You should also take notes at your earliest opportunity of any admissions or other relevant statements by the other driver, as well as the statements and contact information of any witnesses. If you have a camera or portable telephone with a camera, take pictures of the damage (or lack thereof), the witnesses and parties, license plates, the accident scene and the presence of skid marks or lack thereof. Keep in mind that if litigation is commenced, you may be forced to produce to the opposing party any notes, diagrams and/or photographs you take. Thus, if you write anything down implying or stating you are at fault, it could be used against you in court.

After you are safely away from the accident scene, in most cases you should promptly notify your insurance company, and will need to decide whether you would be best served by retaining an attorney. If you are a defendant and have been served with a complaint, you should immediately notify your insurance company and request that they assign counsel to your case.

How Long Should I Wait Before Retaining An Attorney?

If you are a claimant (i.e., plaintiff), you should not delay consulting with an attorney once you have been injured. The reasons are two fold. First, the law imposes certain deadlines (statutes of limitations) by which you must file a complaint or lose your right to bring suit. Second, as time goes on, memories fade, and witnesses and evidence disappear.

If you are a defendant, you have probably already been served with a complaint, and now are looking for a suitable attorney to represent you. A defendant who has been personally served with a complaint, must file a response to the complaint within 30 days, or risk having a default taken against him/her. Thus if you are a defendant, it is critical that you act promptly to find an attorney to represent you. As discussed above, if there is any chance that you have insurance that may cover your claim (and you should under California’s mandatory minimum insurance requirements), you should immediately notify all applicable insurance companies and request that they retain counsel on your behalf before your default is taken. If you don’t have insurance or it appears your insurance company will not timely retain an attorney on your behalf, you should consider retaining an attorney on your own to avoid having plaintiff take your default for failing to timely file a responsive pleading. If your default is taken, you risk losing your rights.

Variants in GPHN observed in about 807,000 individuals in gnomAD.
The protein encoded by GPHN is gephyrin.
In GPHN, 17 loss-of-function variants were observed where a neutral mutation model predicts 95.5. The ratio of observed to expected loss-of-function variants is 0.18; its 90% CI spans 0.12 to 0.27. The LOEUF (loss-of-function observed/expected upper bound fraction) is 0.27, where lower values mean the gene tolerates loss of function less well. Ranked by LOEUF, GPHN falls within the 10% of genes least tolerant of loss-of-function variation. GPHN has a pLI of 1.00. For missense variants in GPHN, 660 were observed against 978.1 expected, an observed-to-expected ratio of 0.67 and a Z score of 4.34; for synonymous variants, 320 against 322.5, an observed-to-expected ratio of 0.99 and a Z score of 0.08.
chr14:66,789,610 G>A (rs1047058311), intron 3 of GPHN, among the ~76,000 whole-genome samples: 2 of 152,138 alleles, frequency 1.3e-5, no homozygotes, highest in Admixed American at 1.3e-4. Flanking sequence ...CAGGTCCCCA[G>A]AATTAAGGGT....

What Are Statutes of Limitations?

Statutes of limitations set deadlines for bringing actionable claims. The amount of time you have to file any particular claim can vary depending upon the type of the claim, and the party or parties against whom you are asserting a claim or claims. If, for example, you are asserting a claim against a government entity (e.g., for a defective and inherently dangerous road condition that contributed to your accident), you may have as little as 6 months to file a notice of claim directly with that government entity or risk losing the right to assert a claim against that entity in court (e.g., see Govt. Code § 911.2). Other statues of limitations can be much longer (e.g., Code of Civil Procedure §335.1 sets a two year statute of limitations in some cases for claims for personal injuries; however, for a personal injury action against a doctor or other medical care provider (i.e., a medical malpractice claim), a one year statute of limitations may apply, see Code of Civil Procedure §340.5). Because several different statutes of limitations may apply to your claim, and because they are subject to legal interpretation, you should promptly consult with legal counsel to identify and interpret applicable statutes of limitations to avoid losing your rights.